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  • Doug Burgoyne

Lollipop, Lollipop, Oh Lolli, Lollipop

There appears to be a misconception amongst homeowners that one cannot be considered a true horticulturalist until you have either manipulated, bonsaied or re-configured your first tree or shrub.

Upon doing so, I wonder how many people have been overcome with guilt after realizing they must be related to Edward Scissorhands. The first cut is the toughest. After much deliberation, perhaps a family conference or two, blood is finally drawn. As the saw touches the raw pulpy flesh of the fledgling tree, tears streaming down the face of the remorseful surgeon, there is no turning back. It's too late!

As the branch falls to the earth, the tears suddenly dry up and are replaced with a feeling of pride, power and oneness with nature. After the first gut-wrenching cut, the rest is easy, even enjoyable. Limbs are dropping everywhere, what production! A sight that would make a beaver's mouth water.

The truth is the best way to gain respect as a knowledgeable horticulturalist is to gain knowledge from reliable sources and put that information to work in your garden. I believe a true horticulturalist is concerned with procedures that won't harm plants (especially mature trees); enabling the urban landscape to survive as a complex, dynamic environment with many symbiotic relationships.

Correct plant selection is an important step to ensuring a healthy prosperous landscape. Trees play the most important role in creating desirable urban micro-climates. Utmost importance should be placed on their selection. Maturity size is an important consideration. Trees and shrubs should have ample space to grow to reach their desired size and form -- uninterpreted. If a tree has outgrown its living space, it should be removed and replaced with a more suitable variety. Proper planning could have avoided this problem from the start.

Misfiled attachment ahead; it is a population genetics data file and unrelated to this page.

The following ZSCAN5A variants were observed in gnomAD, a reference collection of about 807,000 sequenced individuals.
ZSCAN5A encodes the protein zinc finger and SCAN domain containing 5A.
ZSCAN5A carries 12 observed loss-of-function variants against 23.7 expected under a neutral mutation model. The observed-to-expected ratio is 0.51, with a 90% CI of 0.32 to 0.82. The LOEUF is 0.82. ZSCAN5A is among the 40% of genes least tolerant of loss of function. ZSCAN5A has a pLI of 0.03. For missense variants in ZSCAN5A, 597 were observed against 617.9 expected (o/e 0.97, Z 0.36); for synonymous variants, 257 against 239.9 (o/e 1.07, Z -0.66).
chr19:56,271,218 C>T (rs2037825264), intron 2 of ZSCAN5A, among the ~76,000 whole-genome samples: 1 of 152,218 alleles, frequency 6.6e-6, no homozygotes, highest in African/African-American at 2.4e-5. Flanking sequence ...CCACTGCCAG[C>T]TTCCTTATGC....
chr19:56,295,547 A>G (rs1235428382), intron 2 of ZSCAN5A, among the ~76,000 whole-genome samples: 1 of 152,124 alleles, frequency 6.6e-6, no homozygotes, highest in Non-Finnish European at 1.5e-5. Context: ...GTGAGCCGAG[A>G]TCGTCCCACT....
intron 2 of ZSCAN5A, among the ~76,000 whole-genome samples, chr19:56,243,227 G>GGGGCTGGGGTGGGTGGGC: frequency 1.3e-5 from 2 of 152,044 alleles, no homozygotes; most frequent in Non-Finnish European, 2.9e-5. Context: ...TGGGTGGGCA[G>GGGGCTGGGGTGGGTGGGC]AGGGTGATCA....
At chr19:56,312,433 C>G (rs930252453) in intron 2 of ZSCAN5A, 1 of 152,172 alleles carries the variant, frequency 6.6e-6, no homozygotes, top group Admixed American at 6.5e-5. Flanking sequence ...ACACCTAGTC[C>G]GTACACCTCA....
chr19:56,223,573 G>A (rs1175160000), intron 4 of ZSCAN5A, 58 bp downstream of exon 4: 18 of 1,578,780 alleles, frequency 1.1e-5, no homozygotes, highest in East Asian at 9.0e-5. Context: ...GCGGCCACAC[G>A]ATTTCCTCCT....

Limit pruning to removing only smaller branches that are diseased, broken, crossing or too close together (thinning). For proper healing, cuts should be pruned on an angle slightly above a bud. Larger, dangerous limbs should be handled by experts so there's no property damage or harm done to the tree.

Flowering shrubs should only be pruned with high-quality pruning shears. If a flowering shrub is topped or rounded (like a Lollipop) most of the flowering buds will be removed along with the newest, most succulent growth. With the flower buds toward the center of the shrub they get little light and may not survive. If a shrub is pruned from the inside (removing crossing, rubbing branches) it allows flower buds to grow and flourish. If a shrub is getting too big, a few of the most extreme branches could be taken back to the trunk each year. Plants should be selected for their form and not manipulated against their will. Our cities would be quite a dreary place to live if our citizens only had clusters of robotic stickmen and lollipops to provide us with inspiration!


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